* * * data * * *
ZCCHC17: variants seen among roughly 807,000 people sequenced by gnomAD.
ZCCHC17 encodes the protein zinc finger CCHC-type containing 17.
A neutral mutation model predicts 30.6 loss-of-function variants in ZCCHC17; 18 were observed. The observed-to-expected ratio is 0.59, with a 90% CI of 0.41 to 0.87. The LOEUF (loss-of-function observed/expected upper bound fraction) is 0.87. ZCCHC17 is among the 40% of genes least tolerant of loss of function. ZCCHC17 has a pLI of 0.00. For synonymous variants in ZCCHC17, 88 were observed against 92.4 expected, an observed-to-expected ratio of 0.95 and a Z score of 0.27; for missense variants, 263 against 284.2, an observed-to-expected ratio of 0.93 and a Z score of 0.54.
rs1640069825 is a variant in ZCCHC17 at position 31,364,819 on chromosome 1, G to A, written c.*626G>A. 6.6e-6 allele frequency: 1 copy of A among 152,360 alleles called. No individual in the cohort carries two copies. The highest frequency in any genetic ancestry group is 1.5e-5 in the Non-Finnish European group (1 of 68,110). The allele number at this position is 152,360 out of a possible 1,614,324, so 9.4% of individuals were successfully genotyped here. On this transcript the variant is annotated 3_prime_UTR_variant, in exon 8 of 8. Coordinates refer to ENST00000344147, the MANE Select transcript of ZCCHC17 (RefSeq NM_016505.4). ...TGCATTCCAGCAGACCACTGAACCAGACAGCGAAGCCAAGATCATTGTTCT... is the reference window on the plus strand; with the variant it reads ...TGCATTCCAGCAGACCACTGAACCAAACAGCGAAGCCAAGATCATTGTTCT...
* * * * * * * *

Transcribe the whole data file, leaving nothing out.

ZCCHC17: variants seen among roughly 807,000 people sequenced by gnomAD.
ZCCHC17 encodes the protein zinc finger CCHC-type containing 17.
A neutral mutation model predicts 30.6 loss-of-function variants in ZCCHC17; 18 were observed. The observed-to-expected ratio is 0.59, with a 90% CI of 0.41 to 0.87. The LOEUF (loss-of-function observed/expected upper bound fraction) is 0.87. ZCCHC17 is among the 40% of genes least tolerant of loss of function. ZCCHC17 has a pLI of 0.00. For synonymous variants in ZCCHC17, 88 were observed against 92.4 expected, an observed-to-expected ratio of 0.95 and a Z score of 0.27; for missense variants, 263 against 284.2, an observed-to-expected ratio of 0.93 and a Z score of 0.54.
rs1640069825 is a variant in ZCCHC17 at position 31,364,819 on chromosome 1, G to A, written c.*626G>A. 6.6e-6 allele frequency: 1 copy of A among 152,360 alleles called. No individual in the cohort carries two copies. The highest frequency in any genetic ancestry group is 1.5e-5 in the Non-Finnish European group (1 of 68,110). The allele number at this position is 152,360 out of a possible 1,614,324, so 9.4% of individuals were successfully genotyped here. On this transcript the variant is annotated 3_prime_UTR_variant, in exon 8 of 8. Coordinates refer to ENST00000344147, the MANE Select transcript of ZCCHC17 (RefSeq NM_016505.4). ...TGCATTCCAGCAGACCACTGAACCAGACAGCGAAGCCAAGATCATTGTTCT... is the reference window on the plus strand; with the variant it reads ...TGCATTCCAGCAGACCACTGAACCAAACAGCGAAGCCAAGATCATTGTTCT...